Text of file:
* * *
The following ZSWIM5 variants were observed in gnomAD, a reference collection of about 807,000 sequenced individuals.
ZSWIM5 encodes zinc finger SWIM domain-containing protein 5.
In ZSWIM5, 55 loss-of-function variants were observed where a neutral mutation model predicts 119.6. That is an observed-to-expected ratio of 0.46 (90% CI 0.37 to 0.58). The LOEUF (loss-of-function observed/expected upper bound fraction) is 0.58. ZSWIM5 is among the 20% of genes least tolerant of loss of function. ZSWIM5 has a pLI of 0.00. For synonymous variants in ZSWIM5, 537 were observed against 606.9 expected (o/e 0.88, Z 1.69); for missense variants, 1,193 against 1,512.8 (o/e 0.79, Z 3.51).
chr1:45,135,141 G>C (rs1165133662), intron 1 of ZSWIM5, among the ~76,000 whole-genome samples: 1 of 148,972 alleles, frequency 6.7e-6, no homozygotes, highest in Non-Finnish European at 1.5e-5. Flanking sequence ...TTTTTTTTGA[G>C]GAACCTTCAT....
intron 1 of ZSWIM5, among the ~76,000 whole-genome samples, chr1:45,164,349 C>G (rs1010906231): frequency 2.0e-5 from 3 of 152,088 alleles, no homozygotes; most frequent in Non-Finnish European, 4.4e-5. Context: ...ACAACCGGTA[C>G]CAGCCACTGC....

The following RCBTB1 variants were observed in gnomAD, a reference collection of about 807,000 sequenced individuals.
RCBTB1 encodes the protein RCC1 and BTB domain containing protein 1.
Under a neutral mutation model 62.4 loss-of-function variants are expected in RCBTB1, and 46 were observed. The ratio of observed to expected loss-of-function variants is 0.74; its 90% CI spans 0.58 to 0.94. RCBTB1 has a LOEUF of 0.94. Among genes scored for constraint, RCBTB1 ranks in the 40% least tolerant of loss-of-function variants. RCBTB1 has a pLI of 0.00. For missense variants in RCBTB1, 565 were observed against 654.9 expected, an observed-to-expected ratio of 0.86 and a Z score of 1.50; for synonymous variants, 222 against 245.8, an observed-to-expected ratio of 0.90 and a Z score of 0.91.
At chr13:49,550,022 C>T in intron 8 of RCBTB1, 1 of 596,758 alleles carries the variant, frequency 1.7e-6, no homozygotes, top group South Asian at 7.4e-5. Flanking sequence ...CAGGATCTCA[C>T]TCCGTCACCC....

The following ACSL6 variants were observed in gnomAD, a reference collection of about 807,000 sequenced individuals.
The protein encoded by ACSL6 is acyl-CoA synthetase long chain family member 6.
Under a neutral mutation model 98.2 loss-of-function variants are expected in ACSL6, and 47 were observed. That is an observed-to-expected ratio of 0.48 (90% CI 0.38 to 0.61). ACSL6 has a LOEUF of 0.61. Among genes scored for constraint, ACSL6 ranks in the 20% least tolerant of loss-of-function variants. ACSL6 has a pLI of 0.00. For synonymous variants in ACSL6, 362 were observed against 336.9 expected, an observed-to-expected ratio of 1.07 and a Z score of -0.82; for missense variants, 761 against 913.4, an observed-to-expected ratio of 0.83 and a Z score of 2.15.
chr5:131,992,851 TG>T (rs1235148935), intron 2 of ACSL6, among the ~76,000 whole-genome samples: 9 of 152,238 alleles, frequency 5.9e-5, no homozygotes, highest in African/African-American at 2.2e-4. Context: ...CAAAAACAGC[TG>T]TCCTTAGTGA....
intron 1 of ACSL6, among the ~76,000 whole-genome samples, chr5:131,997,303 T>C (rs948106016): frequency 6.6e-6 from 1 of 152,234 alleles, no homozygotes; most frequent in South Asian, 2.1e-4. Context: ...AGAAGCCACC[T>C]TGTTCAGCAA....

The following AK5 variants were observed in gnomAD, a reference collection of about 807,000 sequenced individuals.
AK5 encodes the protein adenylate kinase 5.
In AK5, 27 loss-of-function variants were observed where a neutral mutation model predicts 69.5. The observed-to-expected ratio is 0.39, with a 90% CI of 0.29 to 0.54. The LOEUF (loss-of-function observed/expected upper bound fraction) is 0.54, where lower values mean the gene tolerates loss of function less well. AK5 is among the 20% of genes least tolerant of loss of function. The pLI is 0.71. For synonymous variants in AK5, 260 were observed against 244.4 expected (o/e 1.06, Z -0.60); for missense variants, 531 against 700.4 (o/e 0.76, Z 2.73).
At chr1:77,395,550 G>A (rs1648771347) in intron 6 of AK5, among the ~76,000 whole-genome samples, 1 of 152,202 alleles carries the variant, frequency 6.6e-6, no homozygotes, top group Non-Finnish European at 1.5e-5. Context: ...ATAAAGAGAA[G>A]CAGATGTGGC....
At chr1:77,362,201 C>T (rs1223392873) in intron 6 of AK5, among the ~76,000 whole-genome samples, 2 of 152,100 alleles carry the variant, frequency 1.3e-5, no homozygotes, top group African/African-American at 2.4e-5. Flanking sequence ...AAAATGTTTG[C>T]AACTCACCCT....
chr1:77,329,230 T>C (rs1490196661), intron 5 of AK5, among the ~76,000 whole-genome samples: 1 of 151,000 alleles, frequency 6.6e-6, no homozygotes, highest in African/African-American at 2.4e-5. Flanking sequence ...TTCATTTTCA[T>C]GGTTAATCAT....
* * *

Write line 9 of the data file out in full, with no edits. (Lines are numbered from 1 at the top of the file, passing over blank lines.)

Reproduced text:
At chr13:49,550,022 C>T in intron 8 of RCBTB1, 1 of 596,758 alleles carries the variant, frequency 1.7e-6, no homozygotes, top group South Asian at 7.4e-5. Flanking sequence ...CAGGATCTCA[C>T]TCCGTCACCC....